Apple vs. Samsung: Monday adjudicates jury
It's not about the question of guilt
In the beginning it was Apple vs. the issue. Samsung in the US about whether Samsung patents hurt Apple or not. Even the very first decisions led to the same result: Samsung violated Apple's patent and must pay.
There was a back and forth over the last few years. Once a jury decided per Apple, sometimes per Samsung. The bottom line, however, changed only the sum that Samsung should pay as compensation to the iPhone manufacturer. So at no time did the courts actually question Samsung's breach of Apple's patents. In the main, juries in the end decided on the alleged costs.
Emergency makes Samsung inventive
This also happens in this process. For just over a week, the parties submitted their views. Witnesses were used. On Monday it will be called: Apple gets a billion US dollars from Samsung, or pays only 28 million US dollars. The truth will be somewhere in between. But these two amounts mark the ideas of the two parties.
So Samsung no longer denies that it violated patents. In his distress it is looking for "alternative" strategies. Apple's position is clear: Samsung sold 8.6 million smartphones that violated the design patent, generating $ 3.3 billion in revenue. Apple wants something from the cake. Samsung wants to pay only $ 28 million.
Wild reasoning, or reasonable conclusion?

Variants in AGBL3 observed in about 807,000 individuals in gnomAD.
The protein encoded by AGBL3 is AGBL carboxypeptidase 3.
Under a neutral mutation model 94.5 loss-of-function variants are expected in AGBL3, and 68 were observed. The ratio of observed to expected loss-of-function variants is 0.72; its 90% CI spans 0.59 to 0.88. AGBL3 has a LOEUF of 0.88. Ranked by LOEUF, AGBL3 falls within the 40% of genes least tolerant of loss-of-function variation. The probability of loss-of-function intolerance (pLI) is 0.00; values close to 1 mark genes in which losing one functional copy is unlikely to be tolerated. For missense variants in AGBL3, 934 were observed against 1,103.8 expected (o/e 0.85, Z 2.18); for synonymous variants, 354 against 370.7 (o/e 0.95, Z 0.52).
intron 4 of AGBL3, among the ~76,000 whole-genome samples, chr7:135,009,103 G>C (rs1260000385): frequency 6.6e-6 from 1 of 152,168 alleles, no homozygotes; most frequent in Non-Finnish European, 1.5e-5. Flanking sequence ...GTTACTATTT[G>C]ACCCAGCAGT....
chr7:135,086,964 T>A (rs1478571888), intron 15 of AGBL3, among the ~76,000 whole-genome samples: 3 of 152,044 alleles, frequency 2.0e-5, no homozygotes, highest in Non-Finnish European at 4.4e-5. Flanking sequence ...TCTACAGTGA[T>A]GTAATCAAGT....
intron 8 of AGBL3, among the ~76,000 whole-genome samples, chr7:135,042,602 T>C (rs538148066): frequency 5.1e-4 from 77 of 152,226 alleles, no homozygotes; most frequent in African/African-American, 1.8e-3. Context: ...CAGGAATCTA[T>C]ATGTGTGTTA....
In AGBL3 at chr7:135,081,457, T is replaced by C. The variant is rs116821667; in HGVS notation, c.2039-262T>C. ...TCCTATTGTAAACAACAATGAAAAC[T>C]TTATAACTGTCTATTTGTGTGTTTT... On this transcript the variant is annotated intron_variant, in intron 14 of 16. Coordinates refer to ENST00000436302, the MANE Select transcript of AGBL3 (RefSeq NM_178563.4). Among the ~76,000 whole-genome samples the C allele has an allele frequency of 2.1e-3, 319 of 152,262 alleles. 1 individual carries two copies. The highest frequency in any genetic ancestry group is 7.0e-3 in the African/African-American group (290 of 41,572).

Meanwhile, the Korean company argues that it's Apple's patents that are broken only by the smartphone's cover Has. The technology inside the device would not be affected. Protective glass and housing chassis are worth nothing, so that you have made little sales. Similarly, only one (fractional) part of the device could be used to calculate the claim for damages.
However, Samsung argues in this way without being able to quantify the cost of each component. Apple's lawyer, Joe Mueller, interviewed a witness of Samsung, manager Michael Wagner. Whether Samsung would have divided the components apart, wanted to know Mueller? No, Wagner answered. Mueller reasoned: With a million devices that caused a million violations, Samsung has made millions of profits. So Apple should not get a cent, Mueller wanted to know from Wagner? He responded dryly: "Yes." The dialogues are in part handed down by court observer such as CNET's Stephen Shankland.
No profit, no compensation?
A subtlety in such trials in the US is that the amount of compensation is based on the amount of profit. Samsung argues that it would have made no noticeable profits with the protective glass and the chassis. Accordingly, it wants to pay a maximum of $ 28 million.
On Monday, a jury decides how much money Apple will ultimately be entitled to.
Do you find Samsung's arguments correct? Or is not there a smartphone for you without a glass and without a case?